- Huge screen size and 4K resolution
- Professional-level features, including optional hardware calibration
- Excellent image quality
- Premium price tag
- High-end graphics card and DisplayPort connection required for 4K resolution at 60Hz
- Text is very small and can be hard to read unless scaled up
In December, Dell unveiled a pair of professional-level UltraHD monitors, both with '4K' resolutions of 3,840 by 2,160 pixels: the 24-inch UP2414Q and the flagship 31.5-inch UP3214Q (£2,299 ex. VAT, or $3,500), reviewed here. Then at CES in January, Dell announced the 28-inch P2815Q at just $699 (£424): to achieve this price point, Dell equips the P2815Q with a reduced feature set, including a less capable TN-type panel.
If you're spending over £2,000 on a monitor, you're entitled to expect exceptional image quality, solid build, a professional-level feature set and good usability. So how does the UltraSharp 32 UP3214Q shape up?
For a (very) large monitor, the UltraSharp 32 UP3214Q cuts a relatively trim figure on the desktop — although, of course, you'll still need a fair amount of real estate to accommodate it. The 31.5-inch (viewable image size) panel itself weighs 9.22kg, and with the solid tilt-, swivel- and height-adjustable stand measures 48.3-57.2cm tall by 75cm wide by 21.4cm deep. The design is businesslike, with a black and silver livery and unobtrusive Dell branding on the front and rear.
From the front, the matte, anti-glare-coated LCD panel obviously dominates. There's a Dell logo in the middle of the roughly 2.5cm-wide bezel, at the bottom, with the power switch and touch-sensitive OSD (on-screen display) buttons off to the right. On left-hand side, sitting in an otherwise unbroken cooling grille, is a card reader for SD-compatible media.
Video connections at the back are HDMI (1.4), DisplayPort (1.2a) and Mini-DisplayPort, with a Mini-DP to DP cable supplied in the box. There are also five USB 3.0 ports — four downstream one upstream. The video connections, the upstream USB port and three of the downstream ports are in a recess, while the fourth downstream port is on the back of the chassis — an easier location for plugging in a USB stick, for example.
The LCD panel itself is a Sharp-manufactured IGZO-TFT with in-plane switching (IPS). IGZO stands for indium-gallium-zinc-oxide, a semiconductor that, according to Sharp, can support bigger, higher-resolution panels than traditional amorphous silicon displays, with lower power consumption. The screen has an unobtrusive matte coating, so you shouldn't be troubled by reflections in brightly-lit workplaces. And because it's an IPS panel, viewing angles are very good in both horizontal and vertical planes.
As noted above, the 31.5-inch panel has a '4K' native resolution of 3,840 by 2,160 pixels, giving a very good pixel density of 140ppi for a monitor of this size. With a DisplayPort connection, the refresh rate at native resolution is 60Hz, but this drops to an unacceptably low 30Hz if you use the HDMI link. Even with a DisplayPort connection, many graphics cards will only achieve 60Hz with Windows treating the UP3214Q as though it were two tiled 1,920-by-2,160 displays. In this mode, you'll have to ensure that they're in the correct orientation, with any ICC profiles applied on both halves.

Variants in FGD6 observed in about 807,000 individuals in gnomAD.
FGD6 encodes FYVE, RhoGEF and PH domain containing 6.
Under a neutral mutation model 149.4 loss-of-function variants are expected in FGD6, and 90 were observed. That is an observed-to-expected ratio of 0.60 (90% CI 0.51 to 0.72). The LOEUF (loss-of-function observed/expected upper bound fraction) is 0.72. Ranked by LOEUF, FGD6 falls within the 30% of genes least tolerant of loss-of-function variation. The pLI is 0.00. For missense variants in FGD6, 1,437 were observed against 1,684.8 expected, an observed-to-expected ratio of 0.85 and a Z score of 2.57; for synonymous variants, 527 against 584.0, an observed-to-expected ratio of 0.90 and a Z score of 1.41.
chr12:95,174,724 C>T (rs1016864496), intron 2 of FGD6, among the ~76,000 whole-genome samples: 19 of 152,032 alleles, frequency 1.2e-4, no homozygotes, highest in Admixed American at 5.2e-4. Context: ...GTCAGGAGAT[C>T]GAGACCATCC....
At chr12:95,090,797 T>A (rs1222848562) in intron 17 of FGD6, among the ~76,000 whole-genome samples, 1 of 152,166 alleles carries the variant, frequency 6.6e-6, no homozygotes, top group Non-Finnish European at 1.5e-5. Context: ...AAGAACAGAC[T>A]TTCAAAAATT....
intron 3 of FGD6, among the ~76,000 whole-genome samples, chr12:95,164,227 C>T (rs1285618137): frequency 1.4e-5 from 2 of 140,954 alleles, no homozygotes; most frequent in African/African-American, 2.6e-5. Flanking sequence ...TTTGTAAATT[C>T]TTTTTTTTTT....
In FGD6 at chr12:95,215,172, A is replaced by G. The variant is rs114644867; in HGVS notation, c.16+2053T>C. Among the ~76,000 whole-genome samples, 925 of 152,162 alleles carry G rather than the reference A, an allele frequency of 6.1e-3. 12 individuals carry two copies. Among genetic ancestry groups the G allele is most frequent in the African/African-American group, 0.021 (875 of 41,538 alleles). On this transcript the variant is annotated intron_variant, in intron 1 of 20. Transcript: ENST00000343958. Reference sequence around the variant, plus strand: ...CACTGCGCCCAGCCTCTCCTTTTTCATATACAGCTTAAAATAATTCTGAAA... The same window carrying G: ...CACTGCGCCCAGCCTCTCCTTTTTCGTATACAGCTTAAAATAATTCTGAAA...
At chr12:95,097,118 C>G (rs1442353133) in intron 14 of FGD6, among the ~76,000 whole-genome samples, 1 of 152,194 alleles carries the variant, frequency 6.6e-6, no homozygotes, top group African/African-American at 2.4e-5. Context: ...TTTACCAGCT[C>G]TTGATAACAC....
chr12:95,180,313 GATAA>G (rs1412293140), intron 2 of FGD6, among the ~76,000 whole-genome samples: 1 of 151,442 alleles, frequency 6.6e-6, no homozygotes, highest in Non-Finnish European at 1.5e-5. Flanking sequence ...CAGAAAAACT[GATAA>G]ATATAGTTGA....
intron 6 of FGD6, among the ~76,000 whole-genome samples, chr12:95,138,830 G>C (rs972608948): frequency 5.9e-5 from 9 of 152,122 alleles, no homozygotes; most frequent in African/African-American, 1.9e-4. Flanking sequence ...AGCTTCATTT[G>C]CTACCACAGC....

Some AMD and Nvidia cards allow you to create a merged display at 60Hz, and if you're prepared to drop the refresh rate to 30Hz, you'll also see a merged 3,840-by-2,160 display with lower-spec video cards. These compromises reflect the cutting-edge status of 4K displays, and will hopefully be resolved before long.
The contrast ratio is quoted as 1,000:1, with brightness of 350cd/m2, and a pixel response time of 8ms. Viewing angles are 176 degrees in horizontal and vertical planes, and the pixel pitch is just 0.182mm. Dell's power consumption figures are 100 watts in typical use, 170W maximum and 'less than 1.2W' on standby.
An optional feature of interest to professional users will be the hardware calibration, courtesy of X-Rite's i1Display Pro colorimeter, to ensure that colours output on-screen are a true reflection of colours input through the rest of the digital workflow. We didn't have a colorimeter, but Dell supplies a factory calibration report for every UP3214Q monitor, which showed acceptably low deviation between desired and displayed colours (DeltaE<2) in both sRGB and Adobe RGB colour spaces, along with good brightness and colour uniformity.
Although it's impressive to have such an enormous amount of screen real estate at your disposal (four document windows side-by-side on-screen is no problem), it's arguable that this monitor is overkill for mainstream business workloads. Type is tiny at native resolution, for example, and many people will have to increase the DPI scaling in Windows to make text and user interface elements more readable. That reduces your real estate, which is basically what you're spending a lot of money on, and you may also find that applications vary in how well they scale.
That leaves the kind of customers you might expect for an expensive and cutting-edge large-screen monitor: specialist content creators, scientists and engineers with a need for high-resolution visualisations of one kind or another. In this restricted market, Dell's UltraSharp 32 UP3214Q looks a good choice, coming in slightly cheaper than the similarly specified Asus PQ321Q for example.
If you're a mainstream user and are determined to get your hands on a 4K monitor, you might want to consider one of the more affordable 28-inch options announced at CES, such as Lenovo's ThinkVision Pro2840m, the Asus PB287Q or Dell's aforementioned P2815Q. Be aware, though, that type will be even tinier at native resolution on a 28-inch 4K monitor with a pixel pitch of 0.16mm.